The total market for rodenticide products in the U.S. is estimated at over $400 million, according to our latest research, with the consumer market growing more than 10% over the past few years and the professional market increasing by approximately 5%. The overall figure is based on early estimates of sales in the consumer, professional pest management, agriculture, and urban centers segments at the manufacturers level.
“Controlling rodents goes beyond them being nuisance pests ― it’s a matter of public health concern,” says Laura Mahecha, Director of our Agrochemicals sector. “Rodents, which include rats, mice, squirrels, gophers, prairie dogs, and chipmunks, can carry a variety of diseases that can spread easily to humans or contaminate food sources.”
Consumer-applied rodenticides are purchased at a wide variety of channels, with the majority of sales coming from mass merchandisers (31%), home improvement centers (30%), and supermarkets and grocery stores (11%). Leading consumer brands include d-CON, Tomcat, and Raid.
“Consumer demand is increasing because people are spending more time at home than before the pandemic and, with work-from-home arrangements continuing to be prevalent, they’re noticing pests and rodents more,” says Mahecha. “As a result, they’re treating more frequently with do-it-yourself products and hiring professional pest control companies.”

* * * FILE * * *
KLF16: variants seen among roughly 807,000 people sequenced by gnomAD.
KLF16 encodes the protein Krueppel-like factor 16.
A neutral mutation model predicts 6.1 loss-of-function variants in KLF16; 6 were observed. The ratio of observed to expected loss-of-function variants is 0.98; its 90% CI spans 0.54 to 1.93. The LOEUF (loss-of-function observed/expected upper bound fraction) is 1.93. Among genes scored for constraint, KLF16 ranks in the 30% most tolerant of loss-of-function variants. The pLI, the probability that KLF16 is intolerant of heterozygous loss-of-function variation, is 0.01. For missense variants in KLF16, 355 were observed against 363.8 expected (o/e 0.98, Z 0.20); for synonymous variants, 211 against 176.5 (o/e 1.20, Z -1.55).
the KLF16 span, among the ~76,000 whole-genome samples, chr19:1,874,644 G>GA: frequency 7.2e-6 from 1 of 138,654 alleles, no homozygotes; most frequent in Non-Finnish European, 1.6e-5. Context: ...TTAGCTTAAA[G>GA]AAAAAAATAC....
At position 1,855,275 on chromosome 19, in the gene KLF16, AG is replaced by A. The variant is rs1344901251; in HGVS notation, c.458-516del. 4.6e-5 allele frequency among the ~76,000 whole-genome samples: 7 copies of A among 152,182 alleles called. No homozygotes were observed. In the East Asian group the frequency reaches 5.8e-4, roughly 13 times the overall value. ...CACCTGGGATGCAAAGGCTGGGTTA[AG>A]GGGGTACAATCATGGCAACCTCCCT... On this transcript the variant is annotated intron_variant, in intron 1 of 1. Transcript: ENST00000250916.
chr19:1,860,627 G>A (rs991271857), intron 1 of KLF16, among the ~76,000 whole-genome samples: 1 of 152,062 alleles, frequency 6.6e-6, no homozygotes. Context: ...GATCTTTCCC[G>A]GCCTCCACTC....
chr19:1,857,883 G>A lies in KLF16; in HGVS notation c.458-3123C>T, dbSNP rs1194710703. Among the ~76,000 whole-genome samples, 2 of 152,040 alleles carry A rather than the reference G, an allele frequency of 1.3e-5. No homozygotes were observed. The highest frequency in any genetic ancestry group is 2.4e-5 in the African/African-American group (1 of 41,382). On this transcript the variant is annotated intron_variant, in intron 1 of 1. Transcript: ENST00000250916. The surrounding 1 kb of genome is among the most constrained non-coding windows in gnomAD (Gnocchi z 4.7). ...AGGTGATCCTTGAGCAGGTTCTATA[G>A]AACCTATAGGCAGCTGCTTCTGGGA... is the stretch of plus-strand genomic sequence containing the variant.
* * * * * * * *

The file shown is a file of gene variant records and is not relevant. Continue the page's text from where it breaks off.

Mahecha notes that consumer-applied rodenticides are a much more inexpensive alternative to professional pest control service and, with inflation and a looming recession, U.S. consumers are more conscious of spending ― and are expected to remain so for the next few years. “In many cases, rodent problems tend not to be big colonies of rodents but rather one animal,” says Mahecha. “Hence, consumers find it cheaper to buy singular bait products to trap the single rodent.”
Bait stations are preferable to some due to concerns over the safety of rodenticide products being used. Many dangerous chemicals have been banned for consumer use, and rodenticides sold in bait station form are ready-to-use, tamper-proof, and help prevent contamination for consumers and vulnerable groups including children, pets and local wildlife.
Meanwhile, in a recent Kline survey of pest management professionals (PMPs), nearly 40% of PMPs indicate that they are using more pesticides and rodenticides than a year ago due to increased demand, increased incidence of pests, and increased awareness among consumers who are spending more time at home. Leading rodent control brands used include Contrac, Fastrac, Selontra, and Generation. Both the consumer and professional markets are expected to continue growing by solid growth rates over the next few years due to the increased demand, along with higher prices for rodenticide chemicals.
Kline’s Rodent Control U.S. report, to be published in December 2022, will include details on both consumer and professional rodenticides used in residential and commercial buildings, along with information on rodenticides used in production animal health, food handling, row crop, and urban center usage and sales of rodenticides.
Meanwhile, Kline’s Professional Pest Management U.S. study was published in October 2022. Based on more than 500 structured surveys with PMPs, it provides a comprehensive analysis of the professional pest management market, details on important pest management market segments, key trends, developments, changes, challenges, and business opportunities.
And finally, Kline recently launched the Consumer Markets for Pesticides and Fertilizer U.S. study and will be fielding a detailed survey with 1,500 consumers to understand usage and spending patterns, brand and ingredient preferences, and use of alternative and biological products.